The Bankruptcy Court for the Southern District of New York has approved investigation into the $2 billion fraud allegedly committed by diamond merchant Nirav Modi in collusion with some executives at the Punjab National Bank (PNB). The court has appointed Alvarez and Marsal (A&M), turnaround management and performance improvement company, to conduct the inquiry, according to the Economic Times.
A&M has been asked to “investigate the circumstances surrounding the alleged fraud involving… Nirav Modi, Modi entities.. and certain employees of PNB,” the report quoted the latest court order as saying. The investigation will be led by Dhruv Phophalia, managing director, A&M India.
The U.S. court-appointed examiner, John J Carney, and his counsel have held telephonic meetings with the counsel for Modi-owned Firestar Diamond’s debtors — HSBC Bank USA, Israeli Discount Bank of New York, and PNB — the Indian Ministry of Corporate Affairs and the Office of the United States Trustee, a court document said, DNA reported.
The investigation has to be carried out before the court goes ahead with bankruptcy proceedings against Modi’s companies — Firestar Diamond Inc, A Jaffe Inc and Fantasy Inc — the court was quoted as saying by ET. Earlier in March 2018, the court had passed an interim order to stop creditors from collecting debt from Nirav Modi-owned Firestar Diamond Inc. after it filed for bankruptcy.
A meeting of the creditors was convened by the court in New York on March 30. In February 2018, Mihir Bhansali had filed for bankruptcy on behalf of three companies — Fantasy Diamond Inc, Fantasy Inc, and A Jaffe Inc. Bhansali is the president and sole director of Jaffe Inc, according to the Press Trust of India.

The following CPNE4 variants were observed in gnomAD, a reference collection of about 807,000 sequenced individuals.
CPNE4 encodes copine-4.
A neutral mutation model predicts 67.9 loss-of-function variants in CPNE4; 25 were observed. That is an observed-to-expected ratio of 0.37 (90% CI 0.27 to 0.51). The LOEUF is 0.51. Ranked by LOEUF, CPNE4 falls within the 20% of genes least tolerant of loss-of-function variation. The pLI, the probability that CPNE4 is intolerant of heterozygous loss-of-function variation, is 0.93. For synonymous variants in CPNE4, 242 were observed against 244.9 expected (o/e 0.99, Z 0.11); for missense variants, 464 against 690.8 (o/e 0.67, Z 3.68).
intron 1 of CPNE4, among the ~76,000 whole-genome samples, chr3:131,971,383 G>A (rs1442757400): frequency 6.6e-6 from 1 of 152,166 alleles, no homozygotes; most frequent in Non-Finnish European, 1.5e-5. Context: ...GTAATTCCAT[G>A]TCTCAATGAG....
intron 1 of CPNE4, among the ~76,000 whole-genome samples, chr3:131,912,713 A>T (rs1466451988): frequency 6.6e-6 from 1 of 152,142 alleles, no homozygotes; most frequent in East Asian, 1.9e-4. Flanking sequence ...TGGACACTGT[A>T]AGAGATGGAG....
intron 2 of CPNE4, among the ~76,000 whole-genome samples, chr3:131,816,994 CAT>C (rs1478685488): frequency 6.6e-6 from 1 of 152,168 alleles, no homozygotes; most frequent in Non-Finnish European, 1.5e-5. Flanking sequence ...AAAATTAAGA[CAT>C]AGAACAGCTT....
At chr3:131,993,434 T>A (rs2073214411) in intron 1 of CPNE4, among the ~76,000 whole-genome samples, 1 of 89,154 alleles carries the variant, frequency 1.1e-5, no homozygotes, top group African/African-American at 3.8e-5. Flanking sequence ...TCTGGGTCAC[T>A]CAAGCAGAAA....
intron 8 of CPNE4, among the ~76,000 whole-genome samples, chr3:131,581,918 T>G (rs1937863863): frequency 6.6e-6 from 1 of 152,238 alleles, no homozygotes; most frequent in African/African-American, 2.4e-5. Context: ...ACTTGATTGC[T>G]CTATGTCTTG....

The investigation into Firestar Diamond Inc, of which Modi was the majority stakeholder, is expected to reveal the company’s role in facilitating the flow of money from PNB. Carney is responsible for determining the extent to which Modi entities have the ability to influence the actions taken by Firestar, according to DNA.
The U.S. examiner has collected one terabyte of data from Modi’s defunct companies. The investigation will look into communications, books and records, bank statements, vendor information, organizational charts, agreements, jewelry valuations, banking and other financial records, internal policies and protocols, and inventory/sale/consignment documents. The examiner’s fees and expense alone will be between $1.3 million and $1.5 million for this investigation.